The common critique of Ostrom’s approach, however, is that while it might work in small-scale, locally governed commons, it is less likely to do so in the case of larger, national, or even global cases. While farmers in a Swiss village may be able to develop institutional frameworks and agreements to prevent overgrazing, how do Ostrom’s principles work when attempting to, say, govern large oil companies driven by a profit motive and with significant resources at their disposal to lobby regulating bodies or change governments? In the case of social media, where the government itself has significant interests and incentives to exert power and control, as witnessed by reports of FBI involvement in Facebook content, or the revelations of the Twitter Files, and where giant tech corporations are managing billions of dollars in profits, do these institutional design principles really have the ability to scale?
In the end, the issue with social networks comes back precisely to the question of scaling. At a technical level, decentralized networks have the advantage of being more robust; when faced with attacks that destroy some nodes, other nodes, and links can be decoupled, limiting damage.
At an ideological level, they attempt to break from the capitalist, profit-driven models that lie at the heart of many of the current problems of social media. But the economics of the platforms cannot get around the fundamental issue of the economies of scale. Each of the links in a network cost something to run. While these costs can be distributed among users or a non-profit structure can be created to raise resources to support networks, it will require very creative architecture to push back against the inherent tendency towards a monopolistic structure.
Nonetheless, the contrasting ideologies at play in this tech sector mirror, to a surprising extent, the conflicting ideologies in economics between the most extreme, Ayn Randian version of libertarianism and its reflection in the neoliberal economic models of the Chicago School and the more heterodox, community-oriented approach of Ostrom. It is possible, and perhaps likely, that what we are watching is the nth iteration of a cycle that we seem powerless to exit. In this view, Ayn Rand might represent the thesis that the power of atomized market selfishness is sufficient and optimal for converting greed into a catalyst for pro-social greatness through the counterintuitive genius of the market’s invisible hand. By contrast, Elinor Ostrom represents the antithesis, as market failures due to monopoly, public goods, principal-agent problems, regulatory capture, etc. pile up until they torture the honest market argument into a form where it is almost no longer recognizable or easily defensible. What we are missing now is a synthesis into a harmonized model combining the insights of two existing schools.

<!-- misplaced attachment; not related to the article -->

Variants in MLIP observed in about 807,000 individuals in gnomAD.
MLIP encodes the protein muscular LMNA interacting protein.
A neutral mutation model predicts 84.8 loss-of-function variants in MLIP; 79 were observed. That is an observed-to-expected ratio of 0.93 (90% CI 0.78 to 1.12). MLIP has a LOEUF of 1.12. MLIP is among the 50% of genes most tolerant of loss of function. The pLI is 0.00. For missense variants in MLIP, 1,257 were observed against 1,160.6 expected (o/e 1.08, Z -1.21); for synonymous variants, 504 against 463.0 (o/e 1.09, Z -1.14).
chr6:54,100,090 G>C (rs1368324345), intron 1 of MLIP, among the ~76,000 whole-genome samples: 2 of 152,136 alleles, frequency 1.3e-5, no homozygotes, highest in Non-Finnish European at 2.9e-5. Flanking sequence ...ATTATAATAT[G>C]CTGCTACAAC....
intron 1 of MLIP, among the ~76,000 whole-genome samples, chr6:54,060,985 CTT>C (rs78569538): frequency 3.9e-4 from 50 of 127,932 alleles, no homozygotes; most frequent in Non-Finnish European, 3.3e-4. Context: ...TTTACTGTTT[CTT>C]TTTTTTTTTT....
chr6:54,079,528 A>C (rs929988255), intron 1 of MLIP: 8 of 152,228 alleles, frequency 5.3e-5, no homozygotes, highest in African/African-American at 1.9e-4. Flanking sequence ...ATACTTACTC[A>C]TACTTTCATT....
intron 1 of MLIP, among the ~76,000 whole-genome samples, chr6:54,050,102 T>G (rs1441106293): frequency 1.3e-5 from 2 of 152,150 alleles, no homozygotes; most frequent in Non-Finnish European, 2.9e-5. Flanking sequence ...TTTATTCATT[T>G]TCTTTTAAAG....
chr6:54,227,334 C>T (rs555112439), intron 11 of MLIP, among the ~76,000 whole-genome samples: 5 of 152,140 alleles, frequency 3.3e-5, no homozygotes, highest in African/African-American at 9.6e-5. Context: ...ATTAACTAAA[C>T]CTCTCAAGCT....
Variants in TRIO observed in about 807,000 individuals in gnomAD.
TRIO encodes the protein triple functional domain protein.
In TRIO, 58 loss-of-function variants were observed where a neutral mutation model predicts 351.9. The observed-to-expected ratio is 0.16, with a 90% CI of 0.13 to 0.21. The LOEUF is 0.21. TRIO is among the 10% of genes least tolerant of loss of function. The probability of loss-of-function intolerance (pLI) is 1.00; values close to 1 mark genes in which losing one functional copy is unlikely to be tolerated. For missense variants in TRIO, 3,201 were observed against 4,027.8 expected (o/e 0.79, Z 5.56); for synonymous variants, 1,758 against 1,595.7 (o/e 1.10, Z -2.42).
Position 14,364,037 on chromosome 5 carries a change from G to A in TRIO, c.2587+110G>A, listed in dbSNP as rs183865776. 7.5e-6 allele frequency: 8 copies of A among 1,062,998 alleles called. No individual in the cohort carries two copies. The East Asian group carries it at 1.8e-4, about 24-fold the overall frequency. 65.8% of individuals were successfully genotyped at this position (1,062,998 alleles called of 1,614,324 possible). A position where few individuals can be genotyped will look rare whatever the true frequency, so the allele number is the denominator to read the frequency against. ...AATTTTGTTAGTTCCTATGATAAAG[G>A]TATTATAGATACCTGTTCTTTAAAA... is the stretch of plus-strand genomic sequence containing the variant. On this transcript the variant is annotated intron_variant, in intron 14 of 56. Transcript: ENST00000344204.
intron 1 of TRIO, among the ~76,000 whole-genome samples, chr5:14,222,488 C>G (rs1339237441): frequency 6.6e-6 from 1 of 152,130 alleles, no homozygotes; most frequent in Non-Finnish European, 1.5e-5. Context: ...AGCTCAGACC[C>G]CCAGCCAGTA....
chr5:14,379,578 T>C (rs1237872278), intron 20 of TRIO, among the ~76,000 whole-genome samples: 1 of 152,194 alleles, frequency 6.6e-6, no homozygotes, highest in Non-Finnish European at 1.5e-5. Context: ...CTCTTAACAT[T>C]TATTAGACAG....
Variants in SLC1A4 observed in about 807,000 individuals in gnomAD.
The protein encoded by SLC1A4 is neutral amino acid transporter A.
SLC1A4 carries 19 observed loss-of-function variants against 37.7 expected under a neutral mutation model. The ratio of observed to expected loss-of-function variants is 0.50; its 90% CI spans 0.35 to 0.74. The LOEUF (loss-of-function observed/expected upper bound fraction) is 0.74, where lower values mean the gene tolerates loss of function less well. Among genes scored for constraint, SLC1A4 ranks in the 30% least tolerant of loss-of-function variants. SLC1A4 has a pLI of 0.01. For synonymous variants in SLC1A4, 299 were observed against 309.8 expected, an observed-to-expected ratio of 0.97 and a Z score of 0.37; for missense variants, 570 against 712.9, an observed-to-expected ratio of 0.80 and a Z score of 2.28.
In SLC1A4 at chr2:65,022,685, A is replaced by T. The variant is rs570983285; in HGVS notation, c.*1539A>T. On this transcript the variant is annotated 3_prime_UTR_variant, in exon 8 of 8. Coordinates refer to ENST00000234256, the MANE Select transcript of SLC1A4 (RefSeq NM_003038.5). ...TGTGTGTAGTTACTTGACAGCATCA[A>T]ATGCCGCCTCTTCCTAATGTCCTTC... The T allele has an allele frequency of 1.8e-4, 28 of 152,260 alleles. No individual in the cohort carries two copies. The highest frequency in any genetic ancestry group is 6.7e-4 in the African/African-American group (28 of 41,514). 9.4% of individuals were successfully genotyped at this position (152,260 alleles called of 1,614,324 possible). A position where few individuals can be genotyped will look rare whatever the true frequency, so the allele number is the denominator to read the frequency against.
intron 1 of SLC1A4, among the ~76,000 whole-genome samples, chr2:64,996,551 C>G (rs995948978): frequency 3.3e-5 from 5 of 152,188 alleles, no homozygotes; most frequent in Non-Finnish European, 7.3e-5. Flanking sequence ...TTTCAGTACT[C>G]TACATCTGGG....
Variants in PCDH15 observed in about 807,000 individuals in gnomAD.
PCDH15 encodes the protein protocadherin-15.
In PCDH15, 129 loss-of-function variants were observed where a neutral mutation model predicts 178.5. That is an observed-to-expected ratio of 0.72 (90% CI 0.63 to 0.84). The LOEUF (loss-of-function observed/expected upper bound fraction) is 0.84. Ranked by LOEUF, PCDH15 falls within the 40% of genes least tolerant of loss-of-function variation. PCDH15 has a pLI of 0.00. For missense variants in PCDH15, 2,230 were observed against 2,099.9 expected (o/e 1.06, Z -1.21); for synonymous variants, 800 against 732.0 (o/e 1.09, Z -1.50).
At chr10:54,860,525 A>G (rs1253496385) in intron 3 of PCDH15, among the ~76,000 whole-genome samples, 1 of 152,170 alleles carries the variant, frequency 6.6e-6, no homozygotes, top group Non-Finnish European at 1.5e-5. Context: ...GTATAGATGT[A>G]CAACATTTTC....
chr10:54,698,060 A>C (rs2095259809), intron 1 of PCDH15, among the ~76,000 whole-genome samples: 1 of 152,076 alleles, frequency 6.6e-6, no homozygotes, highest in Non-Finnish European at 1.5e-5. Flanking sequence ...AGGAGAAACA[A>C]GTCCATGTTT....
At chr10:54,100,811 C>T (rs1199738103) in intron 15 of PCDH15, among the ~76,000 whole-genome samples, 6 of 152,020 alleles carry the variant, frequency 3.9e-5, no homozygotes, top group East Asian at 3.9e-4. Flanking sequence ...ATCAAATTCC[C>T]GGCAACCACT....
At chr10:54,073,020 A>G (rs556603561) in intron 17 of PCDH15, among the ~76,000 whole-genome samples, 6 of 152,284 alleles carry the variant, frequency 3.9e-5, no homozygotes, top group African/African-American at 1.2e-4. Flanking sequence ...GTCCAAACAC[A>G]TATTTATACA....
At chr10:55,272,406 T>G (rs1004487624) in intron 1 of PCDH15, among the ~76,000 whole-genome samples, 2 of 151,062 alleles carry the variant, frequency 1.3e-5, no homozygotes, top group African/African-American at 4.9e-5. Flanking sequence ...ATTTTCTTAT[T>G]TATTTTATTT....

This tension is not peculiar to decentralization. One man one vote (democracy) is likewise pitted against One Dollar One Vote (the market); Nonprofits vs For-profits; Open Source vs Proprietary software; Citizen Journalism vs Professional Reporting. In all cases, the structures appear side by side because the tension appears as yet unresolvable. And perhaps the overarching idea is that what we are dealing with is different failure modes of human beings. In the case of designing around communal values, we forget that anti-social elements form communities, just like pro-social elements, so simplistically empowering the community through optimally designed architecture without oversight, will likely always lead to inadvertently supercharging destructive actors. Likewise, the market will always succeed brilliantly until it finds its market failures, at which point we may find ourselves with tech oligarchs and digital dictators after the initial corporate idealism burns off and shareholder value takes over.
A perspective seldom shared is that while Ayn Rand and Elinor Ostrom may appear as antagonists battling for victory, their true function may be as an intellectual version of Heðinn and Hǫgni whose function in Germanic heroic legend is to sustain the Hjaðningavíg, an eternal legendary battle between antagonists which can never be won or lost. If this is in fact correct, the battle protects us against either pure failure mode by constantly rebalancing the power via dialectical tension. If this turns out to be true, we can look forward to seeing both intellectual frameworks presiding over new armies when we begin to hear about Web 4.0, 5.0, 6.0…ad infinitum.
The author is grateful for comments from Thomas Ferguson, Michael Grossberg and Eric Weinstein.
 See, for example Araral, Eduardo. “Ostrom, Hardin and the commons: A critical appreciation and a revisionist view.” Environmental Science and Policy 36 (2014) 11-23